Researchers have developed a 3D printing process that creates a chemically active catalytic object in a single step, opening the door to more efficient ways to produce catalysts for complex chemical reactions in a wide scope of industries.
Researchers have achieved a breakthrough in 3D printing one of the most common forms of marine grade stainless steel - a low-carbon type called 316L - that promises an unparalleled combination of high-strength and high-ductility properties for the ubiquitous alloy.
Researchers introduce a polymer made entirely from biomass that can easily and inexpensively be used in 3D printing. Objects produced in this way are of high quality, easily recyclable, and highly solvent-resistant.
Researches are hard at work around the world trying to develop viable, transplantable replacement organs using 3-dimensional printing as a way to solve the shortage of donor organs, whether it's lungs, heart, kidneys or any other organ that can fail.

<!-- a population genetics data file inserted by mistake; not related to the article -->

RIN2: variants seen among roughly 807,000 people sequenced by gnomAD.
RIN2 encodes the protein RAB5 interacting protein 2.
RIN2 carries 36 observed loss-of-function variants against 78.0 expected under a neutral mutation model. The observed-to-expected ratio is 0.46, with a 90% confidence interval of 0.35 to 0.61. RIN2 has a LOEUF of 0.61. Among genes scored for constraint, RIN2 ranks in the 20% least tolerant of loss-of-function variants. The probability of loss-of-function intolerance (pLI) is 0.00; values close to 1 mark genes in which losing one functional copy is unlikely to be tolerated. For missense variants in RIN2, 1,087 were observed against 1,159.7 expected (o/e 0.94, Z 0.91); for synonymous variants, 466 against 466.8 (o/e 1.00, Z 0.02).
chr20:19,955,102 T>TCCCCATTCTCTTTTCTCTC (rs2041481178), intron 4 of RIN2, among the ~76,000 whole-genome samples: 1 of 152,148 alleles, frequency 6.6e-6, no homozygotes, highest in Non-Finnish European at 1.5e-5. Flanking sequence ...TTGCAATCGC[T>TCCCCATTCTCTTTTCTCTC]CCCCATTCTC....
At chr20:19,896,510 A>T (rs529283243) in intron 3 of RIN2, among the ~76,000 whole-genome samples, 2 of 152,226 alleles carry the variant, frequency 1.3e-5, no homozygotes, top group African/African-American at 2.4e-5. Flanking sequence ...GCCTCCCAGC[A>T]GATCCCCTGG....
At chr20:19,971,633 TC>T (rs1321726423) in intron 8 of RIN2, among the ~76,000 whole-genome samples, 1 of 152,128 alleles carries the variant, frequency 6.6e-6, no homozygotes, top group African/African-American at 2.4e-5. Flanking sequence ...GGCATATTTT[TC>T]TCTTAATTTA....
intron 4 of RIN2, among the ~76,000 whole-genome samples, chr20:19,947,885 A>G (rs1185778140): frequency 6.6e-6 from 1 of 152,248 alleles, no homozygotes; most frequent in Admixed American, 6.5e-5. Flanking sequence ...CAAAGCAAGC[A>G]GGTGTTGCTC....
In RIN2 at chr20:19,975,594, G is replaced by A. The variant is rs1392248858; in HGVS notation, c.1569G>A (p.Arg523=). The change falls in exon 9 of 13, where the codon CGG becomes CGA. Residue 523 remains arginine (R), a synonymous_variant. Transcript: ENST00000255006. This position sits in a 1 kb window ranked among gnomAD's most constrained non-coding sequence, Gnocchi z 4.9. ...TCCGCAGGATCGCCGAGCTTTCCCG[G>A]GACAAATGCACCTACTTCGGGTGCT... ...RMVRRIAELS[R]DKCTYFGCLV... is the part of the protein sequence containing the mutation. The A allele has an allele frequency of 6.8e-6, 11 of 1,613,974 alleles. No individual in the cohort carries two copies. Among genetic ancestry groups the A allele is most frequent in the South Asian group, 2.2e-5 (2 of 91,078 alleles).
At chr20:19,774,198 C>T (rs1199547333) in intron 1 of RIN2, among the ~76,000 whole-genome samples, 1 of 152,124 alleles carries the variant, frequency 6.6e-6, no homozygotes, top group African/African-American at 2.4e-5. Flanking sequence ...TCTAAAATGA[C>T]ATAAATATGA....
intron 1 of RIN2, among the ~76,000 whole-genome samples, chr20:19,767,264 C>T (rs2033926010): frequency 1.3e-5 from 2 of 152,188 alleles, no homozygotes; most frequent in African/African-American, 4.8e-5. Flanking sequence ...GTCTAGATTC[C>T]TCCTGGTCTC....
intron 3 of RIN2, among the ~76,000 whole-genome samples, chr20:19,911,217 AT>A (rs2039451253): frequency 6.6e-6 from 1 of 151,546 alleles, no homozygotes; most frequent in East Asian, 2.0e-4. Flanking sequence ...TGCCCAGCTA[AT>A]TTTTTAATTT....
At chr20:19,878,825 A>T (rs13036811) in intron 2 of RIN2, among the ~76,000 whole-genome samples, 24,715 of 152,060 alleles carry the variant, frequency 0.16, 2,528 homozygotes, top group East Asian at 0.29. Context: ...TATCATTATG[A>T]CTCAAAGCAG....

The temporary structures, which can be degraded away with a biocompatible chemical trigger, could be useful in fabricating microfluidic devices, creating biomaterials that respond dynamically to stimuli and in patterning artificial tissue.
Scientists are investigating the entire 3-D printing process, including the material properties of the metal powders and how the laser melts and shapes those powders into the desired components, to discover both how defects form and methods to avoid them.
Researchers present a new approach for selective laser melting of copper materials. In the future, it should offer users the first cost-effective method for 3D printing components made of pure and highly conductive copper.